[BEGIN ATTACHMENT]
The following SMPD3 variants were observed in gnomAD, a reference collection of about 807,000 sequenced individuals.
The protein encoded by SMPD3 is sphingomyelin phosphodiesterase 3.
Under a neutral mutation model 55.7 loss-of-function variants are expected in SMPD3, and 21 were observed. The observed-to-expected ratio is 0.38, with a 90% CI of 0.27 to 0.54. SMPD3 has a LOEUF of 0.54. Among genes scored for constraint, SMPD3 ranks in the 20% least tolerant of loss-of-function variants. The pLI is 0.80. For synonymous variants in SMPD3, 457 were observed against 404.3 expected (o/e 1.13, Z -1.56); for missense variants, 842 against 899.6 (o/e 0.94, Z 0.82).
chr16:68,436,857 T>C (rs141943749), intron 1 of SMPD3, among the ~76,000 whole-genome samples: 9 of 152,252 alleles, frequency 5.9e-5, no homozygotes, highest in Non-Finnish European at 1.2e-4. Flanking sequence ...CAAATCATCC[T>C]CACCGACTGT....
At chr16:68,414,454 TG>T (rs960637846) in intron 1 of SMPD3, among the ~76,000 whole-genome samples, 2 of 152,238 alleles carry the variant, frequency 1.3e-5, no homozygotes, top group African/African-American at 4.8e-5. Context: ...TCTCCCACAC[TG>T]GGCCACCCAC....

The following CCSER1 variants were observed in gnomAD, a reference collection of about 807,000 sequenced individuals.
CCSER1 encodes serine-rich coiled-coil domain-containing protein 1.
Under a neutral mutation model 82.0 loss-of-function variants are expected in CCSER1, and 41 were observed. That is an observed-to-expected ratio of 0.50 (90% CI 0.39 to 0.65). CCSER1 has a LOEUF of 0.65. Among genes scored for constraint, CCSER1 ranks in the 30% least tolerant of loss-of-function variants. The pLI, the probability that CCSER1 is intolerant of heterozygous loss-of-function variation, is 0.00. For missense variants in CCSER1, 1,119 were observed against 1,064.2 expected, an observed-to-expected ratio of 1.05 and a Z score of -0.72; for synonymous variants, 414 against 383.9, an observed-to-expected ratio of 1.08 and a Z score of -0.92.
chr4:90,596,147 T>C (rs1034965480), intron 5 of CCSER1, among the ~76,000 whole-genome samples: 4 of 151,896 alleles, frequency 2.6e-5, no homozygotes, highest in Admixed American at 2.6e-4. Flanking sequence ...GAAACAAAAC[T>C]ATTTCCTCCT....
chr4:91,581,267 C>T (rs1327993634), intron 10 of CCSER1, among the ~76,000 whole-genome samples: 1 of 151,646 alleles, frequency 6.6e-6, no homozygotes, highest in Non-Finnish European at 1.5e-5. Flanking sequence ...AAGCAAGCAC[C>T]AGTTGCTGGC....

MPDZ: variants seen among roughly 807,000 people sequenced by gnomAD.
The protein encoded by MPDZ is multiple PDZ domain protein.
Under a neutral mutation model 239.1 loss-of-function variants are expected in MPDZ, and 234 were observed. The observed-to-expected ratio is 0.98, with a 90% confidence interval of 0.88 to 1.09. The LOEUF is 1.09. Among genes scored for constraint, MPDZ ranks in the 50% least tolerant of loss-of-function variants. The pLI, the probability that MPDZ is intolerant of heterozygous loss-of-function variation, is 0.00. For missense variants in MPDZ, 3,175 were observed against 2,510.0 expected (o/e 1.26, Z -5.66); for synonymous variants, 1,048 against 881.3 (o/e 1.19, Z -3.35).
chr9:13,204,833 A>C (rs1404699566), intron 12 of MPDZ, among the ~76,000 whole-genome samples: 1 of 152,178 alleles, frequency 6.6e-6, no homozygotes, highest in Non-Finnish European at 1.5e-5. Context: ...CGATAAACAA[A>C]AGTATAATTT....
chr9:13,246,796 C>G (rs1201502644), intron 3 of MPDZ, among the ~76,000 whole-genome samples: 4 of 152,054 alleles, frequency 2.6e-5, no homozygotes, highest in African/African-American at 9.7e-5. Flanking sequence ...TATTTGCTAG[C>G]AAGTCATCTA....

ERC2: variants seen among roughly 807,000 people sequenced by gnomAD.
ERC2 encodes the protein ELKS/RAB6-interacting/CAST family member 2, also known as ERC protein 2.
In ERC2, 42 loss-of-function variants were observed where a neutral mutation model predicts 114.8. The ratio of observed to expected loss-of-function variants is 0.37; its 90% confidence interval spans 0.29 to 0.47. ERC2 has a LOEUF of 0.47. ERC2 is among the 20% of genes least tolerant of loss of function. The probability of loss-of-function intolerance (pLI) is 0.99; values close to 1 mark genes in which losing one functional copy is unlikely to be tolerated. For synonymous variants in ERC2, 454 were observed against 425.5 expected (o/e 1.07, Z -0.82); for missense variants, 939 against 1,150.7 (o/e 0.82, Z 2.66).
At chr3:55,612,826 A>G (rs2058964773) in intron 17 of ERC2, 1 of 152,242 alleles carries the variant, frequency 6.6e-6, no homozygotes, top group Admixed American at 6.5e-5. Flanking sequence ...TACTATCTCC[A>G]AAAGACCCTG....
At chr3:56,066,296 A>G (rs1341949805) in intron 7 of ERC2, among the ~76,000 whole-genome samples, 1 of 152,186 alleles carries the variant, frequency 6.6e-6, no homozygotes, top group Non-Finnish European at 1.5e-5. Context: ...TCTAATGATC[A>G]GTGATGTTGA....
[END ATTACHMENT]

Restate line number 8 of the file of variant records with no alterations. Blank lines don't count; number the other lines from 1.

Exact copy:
Under a neutral mutation model 82.0 loss-of-function variants are expected in CCSER1, and 41 were observed. That is an observed-to-expected ratio of 0.50 (90% CI 0.39 to 0.65). CCSER1 has a LOEUF of 0.65. Among genes scored for constraint, CCSER1 ranks in the 30% least tolerant of loss-of-function variants. The pLI, the probability that CCSER1 is intolerant of heterozygous loss-of-function variation, is 0.00. For missense variants in CCSER1, 1,119 were observed against 1,064.2 expected, an observed-to-expected ratio of 1.05 and a Z score of -0.72; for synonymous variants, 414 against 383.9, an observed-to-expected ratio of 1.08 and a Z score of -0.92.